This is in response to a quite interesting thread on Reverse Missiles. Like many things that occur at the intersection of magic and technology of any sort, there can be many answers depending on the metaphysics of how it is all supposed to work.
Reverse Missiles 101
The key bits are
- There is one hit roll – whatever you roll to hit your foe, you roll to hit yourself instead
- The “game effect” is that of a bounced shot, bounced “straight back,” in fact.
In a way, this is the easiest. Make the calculations to hit your foe, and like the old “I’m rubber you’re glue” game, whatever you shoot comes back to you.
The game mechanics are straight-forward. Roll to hit, and if you succeed, you have potentially hit yourself. More on implicatinos later.
This is where the trouble might start. The projectile or spell energy flies from the shooter to the target, and bounces back. This innocuous statement can carry some implications that might make things more complicated.
Mechanics vs. Metaphysics
This is one of those things where you really need to decide what’s going on, and then make the rules interpretations loudly and publicly.
It can’t be a true bounce or reflection – the trajectory would be all wrong. So there’s a magic adjustment that happens to direct i on its way. Cool enough.
What about range? Is there a magical energy boost that restores velocity? So that the projectile hits with whatever energy it would have? GM call, but I think the answer is “yes.” It simplifies the mechanics, and as long as you’re adding energy to redirect a projectile, you might as well get back up to launch velocity too.
Hit location? Easy – whatever your intent for the target happens to you.
Basically, the game mechanics are designed to allow the GM to act like Nelson when you attack your target. It basically says “don’t give the player a clue that he’s firing into a magical field of “stop hitting yourself!”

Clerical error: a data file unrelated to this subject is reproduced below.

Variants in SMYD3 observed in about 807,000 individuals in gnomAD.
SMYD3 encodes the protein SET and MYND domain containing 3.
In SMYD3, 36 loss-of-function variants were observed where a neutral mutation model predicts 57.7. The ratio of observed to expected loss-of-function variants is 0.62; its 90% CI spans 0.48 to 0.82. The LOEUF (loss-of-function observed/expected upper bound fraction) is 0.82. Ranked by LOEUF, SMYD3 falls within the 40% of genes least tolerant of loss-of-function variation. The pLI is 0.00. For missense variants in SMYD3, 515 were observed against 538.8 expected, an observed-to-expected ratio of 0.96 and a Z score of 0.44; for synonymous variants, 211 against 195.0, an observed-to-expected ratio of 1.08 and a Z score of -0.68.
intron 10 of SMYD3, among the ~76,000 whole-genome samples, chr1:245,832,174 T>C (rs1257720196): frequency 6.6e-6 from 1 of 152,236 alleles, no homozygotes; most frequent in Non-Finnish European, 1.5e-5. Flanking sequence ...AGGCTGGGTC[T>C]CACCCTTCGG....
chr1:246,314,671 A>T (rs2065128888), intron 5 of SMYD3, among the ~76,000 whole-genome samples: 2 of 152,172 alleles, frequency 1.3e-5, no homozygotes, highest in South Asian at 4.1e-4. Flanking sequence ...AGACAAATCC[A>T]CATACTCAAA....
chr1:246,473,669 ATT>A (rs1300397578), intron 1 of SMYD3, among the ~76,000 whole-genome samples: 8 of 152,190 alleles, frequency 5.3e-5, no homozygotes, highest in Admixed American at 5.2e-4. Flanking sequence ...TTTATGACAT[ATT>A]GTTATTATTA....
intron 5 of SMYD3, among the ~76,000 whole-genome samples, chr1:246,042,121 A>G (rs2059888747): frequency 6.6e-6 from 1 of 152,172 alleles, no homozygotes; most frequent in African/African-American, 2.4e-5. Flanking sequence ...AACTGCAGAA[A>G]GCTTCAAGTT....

So that takes care of the hitting. What about active defenses?
Seems fair to say that if you were allowed an active defense based on your actions on your turn (maneuver selection), you’d be allowed one if you’re attacking yourself.
But there’s a trick. Certainly, you may usually dodge or block ranged attacks (and with a one-handed weapon, it’s possible to have a shield-and-pistol thing going on), and with Parry Missile Weapons, you might be able to break that one out. So what’s the trick?
Awareness is key
As always, the caveat to any sort of active defense is spelled out in the Basic Set, specifically on p. B374:
You also get no active defense if you’re unaware of the attack. Examples of situations in which no active defense is possible include a stab in the back from a “friend,” a surprise sniper’s shot, and a totally unexpected booby trap.
The reverse missiles spell would seem to qualify in many cases for the “unexpected booby trap” codecil. If the attacker is unaware that magic even exists, then he’s going to be unprepared to react against it.
In a way, this is why the “Aimed and Sighted shooting is an All-Out Attack” rule from GURPS Tactical Shooting is annoying (to the players) but important. It tells all involved that you are not expecting counterfire.
So, if you are aware that such magic exists, and you take an option that allows an active defense, then you get to use yours. I’ve had this conversation at least once with +Sean Punch and for a long while we made a joke about it in GURPS Technical Grappling, that taking “Attack” instead of All-Out or Committed Attack assumes that the fighter believes that the referee or the fans of a sporting event might pull out MP5s and suddenly start shooting into the ring. I included the One Foe option in Technical Grappling for that exact reason.
I don’t like that plan
One tends to assume that if you’re shooting or loosing an arrow at a foe, you’re not expecting it to come back at you. And if you are shooting, then you’re not doing the kind of evasive maneuvering that grants you a dodge.
To that i say: yes you are. If you didn’t take Committed or All-Out Attack, you are doing that kind of movement. That’s what such options are designed to preclude.
If, however, that just bugs you, well, there’s a handy article (Dodge This, from Pyramid #3/57: Gunplay) that spends four pages giving you options, including painful modifiers to see a projectile coming so that you can dodge, parry, or block it.
So, ultimately the answer to the question of “can you Dodge reverse missiles” is probably simply “yes.” If you didn’t choose a maneuver that precludes a defense, and if you are aware at all that such a spell exists, you are presumed to be ready for such.
If you don’t like that plan, there are options, but I think the intent is that you have to spend a “holy crap!” moment dodging, and that the line of fire from your notional victim to yourself is now threatened behind you!